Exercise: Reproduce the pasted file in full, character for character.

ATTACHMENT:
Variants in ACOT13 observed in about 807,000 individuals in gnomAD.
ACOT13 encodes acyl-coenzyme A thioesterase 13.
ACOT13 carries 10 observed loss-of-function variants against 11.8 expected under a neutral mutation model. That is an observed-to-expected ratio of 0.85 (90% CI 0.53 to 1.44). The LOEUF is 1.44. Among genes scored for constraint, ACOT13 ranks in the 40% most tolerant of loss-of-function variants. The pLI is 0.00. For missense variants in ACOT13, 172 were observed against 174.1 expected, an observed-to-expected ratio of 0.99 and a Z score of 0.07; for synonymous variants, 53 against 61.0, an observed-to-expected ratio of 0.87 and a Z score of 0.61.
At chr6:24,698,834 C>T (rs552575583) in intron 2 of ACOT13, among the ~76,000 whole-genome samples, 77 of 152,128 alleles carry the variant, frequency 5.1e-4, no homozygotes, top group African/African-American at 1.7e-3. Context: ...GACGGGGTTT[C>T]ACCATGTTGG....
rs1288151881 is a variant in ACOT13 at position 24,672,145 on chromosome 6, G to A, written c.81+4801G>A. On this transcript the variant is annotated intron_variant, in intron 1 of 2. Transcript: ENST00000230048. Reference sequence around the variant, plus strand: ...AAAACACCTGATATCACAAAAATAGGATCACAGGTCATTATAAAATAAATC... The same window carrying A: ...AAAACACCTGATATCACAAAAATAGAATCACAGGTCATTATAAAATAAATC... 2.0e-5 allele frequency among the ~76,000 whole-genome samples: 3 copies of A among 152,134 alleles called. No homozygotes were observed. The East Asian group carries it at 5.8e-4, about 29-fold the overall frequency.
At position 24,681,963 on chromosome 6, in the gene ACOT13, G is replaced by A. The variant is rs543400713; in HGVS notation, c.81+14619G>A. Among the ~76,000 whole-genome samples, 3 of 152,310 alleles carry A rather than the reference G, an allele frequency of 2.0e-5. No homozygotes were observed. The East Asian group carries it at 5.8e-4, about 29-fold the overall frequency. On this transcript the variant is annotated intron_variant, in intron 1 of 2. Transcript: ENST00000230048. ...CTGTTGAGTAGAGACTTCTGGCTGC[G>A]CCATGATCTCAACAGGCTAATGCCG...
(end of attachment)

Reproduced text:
Variants in ACOT13 observed in about 807,000 individuals in gnomAD.
ACOT13 encodes acyl-coenzyme A thioesterase 13.
ACOT13 carries 10 observed loss-of-function variants against 11.8 expected under a neutral mutation model. That is an observed-to-expected ratio of 0.85 (90% CI 0.53 to 1.44). The LOEUF is 1.44. Among genes scored for constraint, ACOT13 ranks in the 40% most tolerant of loss-of-function variants. The pLI is 0.00. For missense variants in ACOT13, 172 were observed against 174.1 expected, an observed-to-expected ratio of 0.99 and a Z score of 0.07; for synonymous variants, 53 against 61.0, an observed-to-expected ratio of 0.87 and a Z score of 0.61.
At chr6:24,698,834 C>T (rs552575583) in intron 2 of ACOT13, among the ~76,000 whole-genome samples, 77 of 152,128 alleles carry the variant, frequency 5.1e-4, no homozygotes, top group African/African-American at 1.7e-3. Context: ...GACGGGGTTT[C>T]ACCATGTTGG....
rs1288151881 is a variant in ACOT13 at position 24,672,145 on chromosome 6, G to A, written c.81+4801G>A. On this transcript the variant is annotated intron_variant, in intron 1 of 2. Transcript: ENST00000230048. Reference sequence around the variant, plus strand: ...AAAACACCTGATATCACAAAAATAGGATCACAGGTCATTATAAAATAAATC... The same window carrying A: ...AAAACACCTGATATCACAAAAATAGAATCACAGGTCATTATAAAATAAATC... 2.0e-5 allele frequency among the ~76,000 whole-genome samples: 3 copies of A among 152,134 alleles called. No homozygotes were observed. The East Asian group carries it at 5.8e-4, about 29-fold the overall frequency.
At position 24,681,963 on chromosome 6, in the gene ACOT13, G is replaced by A. The variant is rs543400713; in HGVS notation, c.81+14619G>A. Among the ~76,000 whole-genome samples, 3 of 152,310 alleles carry A rather than the reference G, an allele frequency of 2.0e-5. No homozygotes were observed. The East Asian group carries it at 5.8e-4, about 29-fold the overall frequency. On this transcript the variant is annotated intron_variant, in intron 1 of 2. Transcript: ENST00000230048. ...CTGTTGAGTAGAGACTTCTGGCTGC[G>A]CCATGATCTCAACAGGCTAATGCCG...